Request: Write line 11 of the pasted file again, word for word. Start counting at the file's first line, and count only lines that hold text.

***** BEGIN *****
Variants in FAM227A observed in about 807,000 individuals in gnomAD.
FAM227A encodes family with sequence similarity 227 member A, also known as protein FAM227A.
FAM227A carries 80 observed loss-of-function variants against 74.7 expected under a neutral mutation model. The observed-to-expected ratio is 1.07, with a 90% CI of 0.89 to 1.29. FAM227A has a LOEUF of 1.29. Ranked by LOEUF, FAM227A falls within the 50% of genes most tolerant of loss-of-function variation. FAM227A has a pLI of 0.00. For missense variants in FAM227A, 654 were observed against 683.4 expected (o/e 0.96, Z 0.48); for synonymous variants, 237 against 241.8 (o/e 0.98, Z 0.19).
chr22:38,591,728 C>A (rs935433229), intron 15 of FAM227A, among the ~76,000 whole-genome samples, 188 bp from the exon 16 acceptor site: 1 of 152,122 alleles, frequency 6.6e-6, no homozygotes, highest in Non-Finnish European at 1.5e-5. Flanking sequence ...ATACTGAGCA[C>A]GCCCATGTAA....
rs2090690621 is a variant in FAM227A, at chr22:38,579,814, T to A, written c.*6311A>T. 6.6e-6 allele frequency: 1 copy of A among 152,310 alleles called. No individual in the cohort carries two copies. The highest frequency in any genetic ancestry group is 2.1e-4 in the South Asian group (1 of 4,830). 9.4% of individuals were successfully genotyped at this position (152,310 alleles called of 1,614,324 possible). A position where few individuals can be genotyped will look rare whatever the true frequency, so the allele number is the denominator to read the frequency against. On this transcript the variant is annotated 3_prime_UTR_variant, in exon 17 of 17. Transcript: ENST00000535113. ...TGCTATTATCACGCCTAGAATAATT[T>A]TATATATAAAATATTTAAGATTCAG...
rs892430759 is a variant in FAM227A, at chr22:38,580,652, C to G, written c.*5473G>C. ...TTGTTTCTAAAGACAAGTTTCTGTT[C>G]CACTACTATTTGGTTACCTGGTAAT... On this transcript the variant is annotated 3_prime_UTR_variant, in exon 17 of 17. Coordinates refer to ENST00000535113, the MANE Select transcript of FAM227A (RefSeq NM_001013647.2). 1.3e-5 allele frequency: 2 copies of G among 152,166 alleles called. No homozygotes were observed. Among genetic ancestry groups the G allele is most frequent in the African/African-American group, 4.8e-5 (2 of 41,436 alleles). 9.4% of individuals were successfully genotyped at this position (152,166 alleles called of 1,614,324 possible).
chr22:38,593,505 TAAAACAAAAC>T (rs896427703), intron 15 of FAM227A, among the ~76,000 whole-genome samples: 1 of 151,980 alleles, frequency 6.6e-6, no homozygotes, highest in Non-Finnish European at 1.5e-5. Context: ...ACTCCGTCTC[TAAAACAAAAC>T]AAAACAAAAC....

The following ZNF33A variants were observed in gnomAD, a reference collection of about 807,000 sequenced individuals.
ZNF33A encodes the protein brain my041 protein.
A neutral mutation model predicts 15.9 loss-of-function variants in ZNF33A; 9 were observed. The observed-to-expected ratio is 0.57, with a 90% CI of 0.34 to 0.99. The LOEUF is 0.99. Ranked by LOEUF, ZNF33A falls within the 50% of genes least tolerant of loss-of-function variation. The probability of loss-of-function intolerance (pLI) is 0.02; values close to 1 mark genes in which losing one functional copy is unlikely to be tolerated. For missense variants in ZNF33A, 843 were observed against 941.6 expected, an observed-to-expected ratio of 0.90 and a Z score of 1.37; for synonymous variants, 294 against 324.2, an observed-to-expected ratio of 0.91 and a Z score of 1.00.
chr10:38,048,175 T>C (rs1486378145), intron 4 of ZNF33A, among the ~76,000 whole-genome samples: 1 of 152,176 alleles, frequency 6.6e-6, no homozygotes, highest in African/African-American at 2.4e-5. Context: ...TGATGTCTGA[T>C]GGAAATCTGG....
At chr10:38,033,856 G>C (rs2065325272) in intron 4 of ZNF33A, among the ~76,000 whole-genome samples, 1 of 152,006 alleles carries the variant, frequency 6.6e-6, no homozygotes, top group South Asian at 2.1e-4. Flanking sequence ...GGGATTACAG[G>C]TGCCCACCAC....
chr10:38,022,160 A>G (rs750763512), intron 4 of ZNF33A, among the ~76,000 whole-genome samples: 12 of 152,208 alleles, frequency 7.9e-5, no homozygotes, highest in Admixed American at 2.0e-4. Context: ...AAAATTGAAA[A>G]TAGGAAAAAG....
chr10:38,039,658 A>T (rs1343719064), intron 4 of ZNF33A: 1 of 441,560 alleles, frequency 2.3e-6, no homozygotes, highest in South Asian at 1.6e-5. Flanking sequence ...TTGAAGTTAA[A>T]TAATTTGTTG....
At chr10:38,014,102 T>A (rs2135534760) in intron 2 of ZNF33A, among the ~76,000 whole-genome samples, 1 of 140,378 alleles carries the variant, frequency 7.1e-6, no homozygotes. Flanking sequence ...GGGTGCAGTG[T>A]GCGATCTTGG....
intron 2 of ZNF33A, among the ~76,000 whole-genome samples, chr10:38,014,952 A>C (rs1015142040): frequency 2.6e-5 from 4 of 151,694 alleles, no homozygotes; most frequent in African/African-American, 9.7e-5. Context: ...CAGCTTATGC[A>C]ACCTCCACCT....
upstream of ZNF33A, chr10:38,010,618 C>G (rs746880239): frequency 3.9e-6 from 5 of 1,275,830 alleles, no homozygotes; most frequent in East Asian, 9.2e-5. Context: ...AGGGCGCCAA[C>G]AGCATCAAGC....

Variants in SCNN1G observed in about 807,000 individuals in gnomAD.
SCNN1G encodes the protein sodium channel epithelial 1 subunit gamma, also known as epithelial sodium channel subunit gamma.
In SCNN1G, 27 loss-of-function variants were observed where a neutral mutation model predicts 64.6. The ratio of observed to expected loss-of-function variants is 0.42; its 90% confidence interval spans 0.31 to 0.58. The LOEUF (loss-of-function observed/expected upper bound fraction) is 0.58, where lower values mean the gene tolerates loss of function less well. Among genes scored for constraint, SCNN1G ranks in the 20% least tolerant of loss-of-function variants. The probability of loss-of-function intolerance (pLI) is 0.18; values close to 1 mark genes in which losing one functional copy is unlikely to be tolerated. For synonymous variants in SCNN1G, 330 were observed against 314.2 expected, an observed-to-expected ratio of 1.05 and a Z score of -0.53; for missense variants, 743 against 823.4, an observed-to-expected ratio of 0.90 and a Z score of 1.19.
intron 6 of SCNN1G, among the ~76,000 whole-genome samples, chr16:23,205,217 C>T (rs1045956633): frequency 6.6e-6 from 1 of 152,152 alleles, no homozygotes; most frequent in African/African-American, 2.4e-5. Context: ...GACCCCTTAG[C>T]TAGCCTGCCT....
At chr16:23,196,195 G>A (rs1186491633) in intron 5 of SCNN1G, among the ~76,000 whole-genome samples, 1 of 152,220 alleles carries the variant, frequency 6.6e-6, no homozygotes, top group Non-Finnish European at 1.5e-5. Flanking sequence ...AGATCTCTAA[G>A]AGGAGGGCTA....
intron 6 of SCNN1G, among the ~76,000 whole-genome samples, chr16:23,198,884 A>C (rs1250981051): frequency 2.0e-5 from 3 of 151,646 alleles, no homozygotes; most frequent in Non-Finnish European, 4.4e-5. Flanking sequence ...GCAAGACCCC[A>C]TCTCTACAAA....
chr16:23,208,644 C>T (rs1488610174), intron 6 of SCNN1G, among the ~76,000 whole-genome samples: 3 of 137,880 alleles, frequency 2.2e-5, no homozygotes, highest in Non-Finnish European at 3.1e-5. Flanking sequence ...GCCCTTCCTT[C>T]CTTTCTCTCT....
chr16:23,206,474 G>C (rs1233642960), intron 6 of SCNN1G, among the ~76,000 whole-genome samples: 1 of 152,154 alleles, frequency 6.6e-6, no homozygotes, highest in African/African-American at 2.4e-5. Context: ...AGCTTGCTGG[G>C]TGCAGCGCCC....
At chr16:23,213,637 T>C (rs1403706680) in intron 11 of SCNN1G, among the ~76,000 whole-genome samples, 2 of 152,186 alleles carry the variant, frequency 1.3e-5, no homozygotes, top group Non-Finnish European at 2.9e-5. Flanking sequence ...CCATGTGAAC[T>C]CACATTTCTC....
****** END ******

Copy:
chr10:38,048,175 T>C (rs1486378145), intron 4 of ZNF33A, among the ~76,000 whole-genome samples: 1 of 152,176 alleles, frequency 6.6e-6, no homozygotes, highest in African/African-American at 2.4e-5. Context: ...TGATGTCTGA[T>C]GGAAATCTGG....